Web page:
| Home | Privacy | Contact |

Pilot's Handbook of Aeronautical Knowledge
Aerodynamics of Flight
Weight and Balance

| First | Previous | Next | Last |

Pilot's Handbook of Aeronautical Knowledge

Preface

Acknowledgements

Table of Contents

Chapter 1, Introduction To Flying
Chapter 2, Aircraft Structure
Chapter 3, Principles of Flight
Chapter 4, Aerodynamics of Flight
Chapter 5, Flight Controls
Chapter 6, Aircraft Systems
Chapter 7, Flight Instruments
Chapter 8, Flight Manuals and Other Documents
Chapter 9, Weight and Balance
Chapter 10, Aircraft Performance
Chapter 11, Weather Theory
Chapter 12, Aviation Weather Services
Chapter 13, Airport Operation
Chapter 14, Airspace
Chapter 15, Navigation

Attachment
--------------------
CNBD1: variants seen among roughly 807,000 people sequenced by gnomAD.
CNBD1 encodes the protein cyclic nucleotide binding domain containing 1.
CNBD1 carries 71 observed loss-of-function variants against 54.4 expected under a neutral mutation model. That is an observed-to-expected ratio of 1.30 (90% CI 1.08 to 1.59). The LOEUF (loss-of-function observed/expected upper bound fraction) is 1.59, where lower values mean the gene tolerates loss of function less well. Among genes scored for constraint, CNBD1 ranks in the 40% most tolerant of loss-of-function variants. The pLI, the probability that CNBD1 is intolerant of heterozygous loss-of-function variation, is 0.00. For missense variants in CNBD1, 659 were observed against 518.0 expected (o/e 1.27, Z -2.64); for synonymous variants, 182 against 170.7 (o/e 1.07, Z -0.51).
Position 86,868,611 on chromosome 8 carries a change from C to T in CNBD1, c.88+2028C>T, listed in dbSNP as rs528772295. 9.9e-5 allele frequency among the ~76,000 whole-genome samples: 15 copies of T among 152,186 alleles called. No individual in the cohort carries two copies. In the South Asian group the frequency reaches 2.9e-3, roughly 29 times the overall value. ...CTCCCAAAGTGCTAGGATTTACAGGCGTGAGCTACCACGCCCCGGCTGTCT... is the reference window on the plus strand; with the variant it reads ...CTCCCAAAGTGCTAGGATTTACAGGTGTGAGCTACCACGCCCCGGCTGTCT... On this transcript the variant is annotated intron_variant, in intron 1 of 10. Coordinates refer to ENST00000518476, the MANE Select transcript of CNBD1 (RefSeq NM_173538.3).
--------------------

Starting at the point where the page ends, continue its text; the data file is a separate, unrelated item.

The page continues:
Chapter 16, Aeromedical Factors
Chapter 17, Aeronautical Decision Making

Appendix

Glossary

Index

speed versus bank angle
Figure 4-54. Two aircraft have flown into a canyon by error. The canyon is 5,000 feet across and has sheer cliffs on both sides.
The pilot in the top image is flying at 120 knots. After realizing the error, the pilot banks hard and uses a 30° bank angle to reverse
course. This aircraft requires about 4,000 feet to turn 180°, and makes it out of the canyon safely. The pilot in the bottom image is
flying at 140 knots and also uses a 30° angle of bank in an attempt to reverse course. The aircraft, although flying just 20 knots faster
than the aircraft in the top image, requires over 6,000 feet to reverse course to safety. Unfortunately, the canyon is only 5,000 feet
across and the aircraft will hit the canyon wall. The point is that airspeed is the most influential factor in determining how much
distance is required to turn. Many pilots have made the error of increasing the steepness of their bank angle when a simple reduction of
speed would have been more appropriate.
 

4-36